The blessed body was prepared by the women for burial. Among them I remember having seen a daugh­ter of Veronica and John Mark's mother. They brought spices and pots of fresh herbs, in order to embalm it according to the Jewish custom. They closed the house, and worked by the light of lamps. They opened up the apartment back of the fireplace and removed the screens that enclosed the little alcove used by the Blessed Virgin as a sleeping place, in order to have more room for their work of embalming. The


Life of Jesus Christ

 wicker screens of the alcove were not again replaced, for immediately after the obsequies they, along with those of the clothes press, were put out of sight by the maidservant. Only the altar was allowed to remain standing before the Crucifix in Mary's sleeping apart­ment. The whole house had now become like a lit­tle chapel in which the Apostles prayed and celebrated the most holy and unbloody Sacrifice. While the women were preparing the holy body for burial, the Apostles prayed, choir and choir, sometimes in the front apartment, sometimes outside the house. The women went about their task most devoutly and rev­erently, just as had been done when preparing the most Sacred Body of Jesus for burial. The body of the Blessed Virgin was lifted in the linen of the deathbed and laid in a long basket, which had a lid and which was filled with covers, so that when lying on them, it rose above the edge. The body was of a dry, indescribable whiteness as if shining with light, and of so little weight that, like a mere husk, it could be raised quite easily on the hands. The face was fresh and blooming. The women cut off some locks of hair to keep as relics. They laid bunches of herbs around the neck and throat, under the arms, and in the armpits.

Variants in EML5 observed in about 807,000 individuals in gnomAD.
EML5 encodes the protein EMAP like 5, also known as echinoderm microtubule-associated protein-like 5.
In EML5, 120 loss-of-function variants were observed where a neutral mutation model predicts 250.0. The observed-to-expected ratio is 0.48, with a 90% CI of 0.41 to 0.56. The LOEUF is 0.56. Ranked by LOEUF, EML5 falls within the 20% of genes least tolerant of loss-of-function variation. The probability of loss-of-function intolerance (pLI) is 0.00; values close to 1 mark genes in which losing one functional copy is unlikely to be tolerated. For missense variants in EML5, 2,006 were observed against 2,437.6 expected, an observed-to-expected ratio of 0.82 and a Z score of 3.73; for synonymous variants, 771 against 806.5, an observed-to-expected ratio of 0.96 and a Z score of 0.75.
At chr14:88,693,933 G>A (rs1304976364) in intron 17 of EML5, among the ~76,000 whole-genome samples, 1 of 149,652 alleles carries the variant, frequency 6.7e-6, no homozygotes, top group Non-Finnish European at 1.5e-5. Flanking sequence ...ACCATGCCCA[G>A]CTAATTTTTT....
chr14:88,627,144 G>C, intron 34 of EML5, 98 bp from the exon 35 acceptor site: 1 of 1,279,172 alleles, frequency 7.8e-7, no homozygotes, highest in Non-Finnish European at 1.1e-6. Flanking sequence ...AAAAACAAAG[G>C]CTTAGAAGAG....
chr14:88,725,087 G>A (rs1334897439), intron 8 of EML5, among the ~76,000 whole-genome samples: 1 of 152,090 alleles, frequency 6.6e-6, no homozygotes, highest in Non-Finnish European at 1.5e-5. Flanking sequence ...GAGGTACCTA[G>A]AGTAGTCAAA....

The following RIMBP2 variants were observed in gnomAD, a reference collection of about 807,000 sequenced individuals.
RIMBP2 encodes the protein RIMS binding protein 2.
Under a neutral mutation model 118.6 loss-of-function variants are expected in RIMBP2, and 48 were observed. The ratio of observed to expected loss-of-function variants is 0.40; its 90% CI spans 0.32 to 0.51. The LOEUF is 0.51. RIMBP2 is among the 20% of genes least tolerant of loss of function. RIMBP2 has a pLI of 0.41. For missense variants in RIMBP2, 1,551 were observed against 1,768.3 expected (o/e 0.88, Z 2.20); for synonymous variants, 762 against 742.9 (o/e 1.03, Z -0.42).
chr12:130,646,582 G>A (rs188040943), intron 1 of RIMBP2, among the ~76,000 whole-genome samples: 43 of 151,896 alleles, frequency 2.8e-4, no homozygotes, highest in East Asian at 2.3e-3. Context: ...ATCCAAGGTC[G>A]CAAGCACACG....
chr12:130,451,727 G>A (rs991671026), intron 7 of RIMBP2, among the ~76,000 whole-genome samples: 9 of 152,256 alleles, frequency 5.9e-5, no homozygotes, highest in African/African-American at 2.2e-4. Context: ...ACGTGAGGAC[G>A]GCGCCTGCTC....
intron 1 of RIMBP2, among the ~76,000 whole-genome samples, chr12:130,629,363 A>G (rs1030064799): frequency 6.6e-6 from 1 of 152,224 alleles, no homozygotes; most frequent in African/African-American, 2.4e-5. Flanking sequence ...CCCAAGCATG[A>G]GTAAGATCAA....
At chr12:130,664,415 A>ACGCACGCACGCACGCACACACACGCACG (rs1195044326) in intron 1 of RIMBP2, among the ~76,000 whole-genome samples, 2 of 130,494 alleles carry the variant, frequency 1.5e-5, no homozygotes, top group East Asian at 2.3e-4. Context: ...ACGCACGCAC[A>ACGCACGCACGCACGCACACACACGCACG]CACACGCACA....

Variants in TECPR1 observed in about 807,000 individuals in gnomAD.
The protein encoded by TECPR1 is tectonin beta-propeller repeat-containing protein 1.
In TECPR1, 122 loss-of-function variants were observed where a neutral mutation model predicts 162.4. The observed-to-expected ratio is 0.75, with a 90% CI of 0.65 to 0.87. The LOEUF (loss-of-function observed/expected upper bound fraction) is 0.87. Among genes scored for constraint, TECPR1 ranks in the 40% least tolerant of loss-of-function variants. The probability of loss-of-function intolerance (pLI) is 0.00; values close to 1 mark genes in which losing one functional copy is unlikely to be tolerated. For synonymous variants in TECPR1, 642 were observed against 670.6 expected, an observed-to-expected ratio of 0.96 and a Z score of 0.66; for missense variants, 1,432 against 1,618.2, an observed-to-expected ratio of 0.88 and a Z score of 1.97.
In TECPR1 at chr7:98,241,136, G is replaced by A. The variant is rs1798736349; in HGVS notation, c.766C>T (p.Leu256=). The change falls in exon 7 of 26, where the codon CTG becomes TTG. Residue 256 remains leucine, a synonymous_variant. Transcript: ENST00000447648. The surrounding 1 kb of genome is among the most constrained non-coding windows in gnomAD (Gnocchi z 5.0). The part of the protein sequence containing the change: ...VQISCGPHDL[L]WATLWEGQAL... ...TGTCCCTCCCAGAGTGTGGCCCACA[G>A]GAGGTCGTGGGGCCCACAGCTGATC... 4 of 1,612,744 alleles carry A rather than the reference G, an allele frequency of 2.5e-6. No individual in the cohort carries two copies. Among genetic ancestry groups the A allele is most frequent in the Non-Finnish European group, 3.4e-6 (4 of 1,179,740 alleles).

Before the holy body was shrouded in its white garments and enveloped in the winding sheets, Peter celebrated the Unbloody Sacrifice on the altar of the oratory and gave Holy Communion to the other Apos­tles. After that Peter and John approached the body in their mantles of ceremony. John carried a vessel of oil, with which Peter anointed, in the form of a cross and with accompanying prayers, the forehead, hands, and feet of the holy body, which was after­ward entirely enveloped in linens by the women. They placed on the head a wreath of flowers, white, red, and sky-blue, as a symbol of Mary's virginity, and over the face a transparent veil, through which it could be seen encircled by the wreath. The feet

The Blessed Virgin's Burial


 also, which were bound up in aromatic herbs, could be traced through the linens that enveloped them. The arms and hands were bound crosswise on the breast. Thus prepared, the holy body was laid in a coffin of snow-white wood with a tightly fitting, arched cover, which was fastened down at the head, the foot, and in the middle, with gray straps. The coffin was then laid on a litter. Everything was done with the utmost solemnity, and all were penetrated with deep emotion. The sorrow of the mourners was more human and more openly expressed than at Jesus' burial, at which holy awe and reverence pre­dominated.